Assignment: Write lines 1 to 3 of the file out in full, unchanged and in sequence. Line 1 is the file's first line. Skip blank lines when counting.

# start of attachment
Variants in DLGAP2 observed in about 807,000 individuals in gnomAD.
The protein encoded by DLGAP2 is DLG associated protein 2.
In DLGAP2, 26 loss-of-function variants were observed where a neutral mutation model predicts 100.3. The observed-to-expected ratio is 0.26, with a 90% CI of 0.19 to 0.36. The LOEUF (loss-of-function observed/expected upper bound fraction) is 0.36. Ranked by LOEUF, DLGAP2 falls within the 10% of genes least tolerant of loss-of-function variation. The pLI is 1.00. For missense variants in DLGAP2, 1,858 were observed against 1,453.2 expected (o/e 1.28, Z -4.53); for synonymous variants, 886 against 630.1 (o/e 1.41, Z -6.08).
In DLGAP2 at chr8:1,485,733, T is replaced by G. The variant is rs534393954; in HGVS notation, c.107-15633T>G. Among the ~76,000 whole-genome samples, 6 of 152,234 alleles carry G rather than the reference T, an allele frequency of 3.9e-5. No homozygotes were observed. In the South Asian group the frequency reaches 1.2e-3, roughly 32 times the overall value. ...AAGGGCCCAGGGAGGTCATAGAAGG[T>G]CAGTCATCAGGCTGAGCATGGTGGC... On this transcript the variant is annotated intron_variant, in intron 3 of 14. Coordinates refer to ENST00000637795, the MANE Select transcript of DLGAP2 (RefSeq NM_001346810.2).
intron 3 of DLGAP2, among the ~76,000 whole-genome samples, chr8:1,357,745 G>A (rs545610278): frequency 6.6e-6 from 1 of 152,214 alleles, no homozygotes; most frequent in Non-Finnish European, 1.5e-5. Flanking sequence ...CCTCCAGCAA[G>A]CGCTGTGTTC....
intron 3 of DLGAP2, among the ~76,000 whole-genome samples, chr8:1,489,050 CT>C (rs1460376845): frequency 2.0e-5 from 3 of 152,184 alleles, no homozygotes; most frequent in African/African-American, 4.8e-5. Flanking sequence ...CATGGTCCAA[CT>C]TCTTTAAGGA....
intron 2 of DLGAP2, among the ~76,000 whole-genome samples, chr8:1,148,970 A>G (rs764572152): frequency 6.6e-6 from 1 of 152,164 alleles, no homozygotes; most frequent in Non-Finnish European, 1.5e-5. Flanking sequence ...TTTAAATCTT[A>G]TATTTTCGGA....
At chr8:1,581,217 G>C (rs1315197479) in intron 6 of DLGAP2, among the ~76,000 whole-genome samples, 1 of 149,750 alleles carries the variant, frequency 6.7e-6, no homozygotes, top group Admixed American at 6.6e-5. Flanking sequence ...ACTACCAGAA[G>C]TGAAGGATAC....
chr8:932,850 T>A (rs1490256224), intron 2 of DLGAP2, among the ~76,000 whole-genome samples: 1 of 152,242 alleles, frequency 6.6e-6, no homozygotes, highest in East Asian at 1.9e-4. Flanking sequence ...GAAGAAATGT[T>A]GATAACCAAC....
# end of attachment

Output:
Variants in DLGAP2 observed in about 807,000 individuals in gnomAD.
The protein encoded by DLGAP2 is DLG associated protein 2.
In DLGAP2, 26 loss-of-function variants were observed where a neutral mutation model predicts 100.3. The observed-to-expected ratio is 0.26, with a 90% CI of 0.19 to 0.36. The LOEUF (loss-of-function observed/expected upper bound fraction) is 0.36. Ranked by LOEUF, DLGAP2 falls within the 10% of genes least tolerant of loss-of-function variation. The pLI is 1.00. For missense variants in DLGAP2, 1,858 were observed against 1,453.2 expected (o/e 1.28, Z -4.53); for synonymous variants, 886 against 630.1 (o/e 1.41, Z -6.08).